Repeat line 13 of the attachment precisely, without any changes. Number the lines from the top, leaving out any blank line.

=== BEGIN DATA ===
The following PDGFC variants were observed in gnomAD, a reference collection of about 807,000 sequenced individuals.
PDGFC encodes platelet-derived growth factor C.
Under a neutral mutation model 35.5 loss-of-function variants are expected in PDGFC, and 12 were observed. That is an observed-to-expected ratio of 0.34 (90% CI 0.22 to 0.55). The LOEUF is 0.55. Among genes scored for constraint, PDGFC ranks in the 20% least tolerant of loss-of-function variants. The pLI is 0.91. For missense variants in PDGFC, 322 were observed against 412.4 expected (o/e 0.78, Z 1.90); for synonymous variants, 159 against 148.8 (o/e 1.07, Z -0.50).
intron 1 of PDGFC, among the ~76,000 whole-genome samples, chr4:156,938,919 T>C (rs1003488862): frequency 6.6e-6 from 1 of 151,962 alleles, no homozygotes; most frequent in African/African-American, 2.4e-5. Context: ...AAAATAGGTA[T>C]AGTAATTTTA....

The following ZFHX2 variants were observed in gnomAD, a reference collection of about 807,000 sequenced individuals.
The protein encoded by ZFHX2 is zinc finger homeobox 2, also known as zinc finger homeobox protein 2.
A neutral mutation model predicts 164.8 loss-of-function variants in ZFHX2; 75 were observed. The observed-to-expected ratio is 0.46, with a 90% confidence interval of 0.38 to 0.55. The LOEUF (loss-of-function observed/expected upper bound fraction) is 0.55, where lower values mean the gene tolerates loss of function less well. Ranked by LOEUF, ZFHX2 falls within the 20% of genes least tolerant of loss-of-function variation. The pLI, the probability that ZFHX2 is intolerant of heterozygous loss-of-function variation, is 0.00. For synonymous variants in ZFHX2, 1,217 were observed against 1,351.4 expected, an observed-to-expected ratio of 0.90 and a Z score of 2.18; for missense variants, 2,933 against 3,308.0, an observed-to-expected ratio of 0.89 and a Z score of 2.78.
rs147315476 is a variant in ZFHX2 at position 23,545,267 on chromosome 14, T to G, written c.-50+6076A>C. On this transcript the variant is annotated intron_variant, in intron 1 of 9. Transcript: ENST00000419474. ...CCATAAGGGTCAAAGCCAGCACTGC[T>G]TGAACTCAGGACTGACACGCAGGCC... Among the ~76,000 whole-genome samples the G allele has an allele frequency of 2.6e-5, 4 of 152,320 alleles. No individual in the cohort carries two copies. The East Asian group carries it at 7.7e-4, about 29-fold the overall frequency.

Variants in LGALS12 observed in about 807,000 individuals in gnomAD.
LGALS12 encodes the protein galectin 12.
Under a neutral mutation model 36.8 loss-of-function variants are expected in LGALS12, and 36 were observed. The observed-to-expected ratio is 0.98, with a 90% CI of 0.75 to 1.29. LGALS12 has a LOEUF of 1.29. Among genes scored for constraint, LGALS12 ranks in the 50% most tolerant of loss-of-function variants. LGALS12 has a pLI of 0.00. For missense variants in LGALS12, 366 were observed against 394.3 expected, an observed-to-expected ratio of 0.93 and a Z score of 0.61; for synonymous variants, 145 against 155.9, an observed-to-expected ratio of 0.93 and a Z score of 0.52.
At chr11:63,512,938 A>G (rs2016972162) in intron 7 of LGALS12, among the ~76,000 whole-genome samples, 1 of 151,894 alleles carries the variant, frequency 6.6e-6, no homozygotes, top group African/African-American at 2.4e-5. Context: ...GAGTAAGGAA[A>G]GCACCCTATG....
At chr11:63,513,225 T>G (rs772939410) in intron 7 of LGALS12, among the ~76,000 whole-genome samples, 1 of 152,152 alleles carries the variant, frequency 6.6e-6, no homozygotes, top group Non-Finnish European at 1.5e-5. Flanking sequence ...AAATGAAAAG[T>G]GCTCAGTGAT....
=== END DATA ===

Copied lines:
At chr11:63,513,225 T>G (rs772939410) in intron 7 of LGALS12, among the ~76,000 whole-genome samples, 1 of 152,152 alleles carries the variant, frequency 6.6e-6, no homozygotes, top group Non-Finnish European at 1.5e-5. Flanking sequence ...AAATGAAAAG[T>G]GCTCAGTGAT....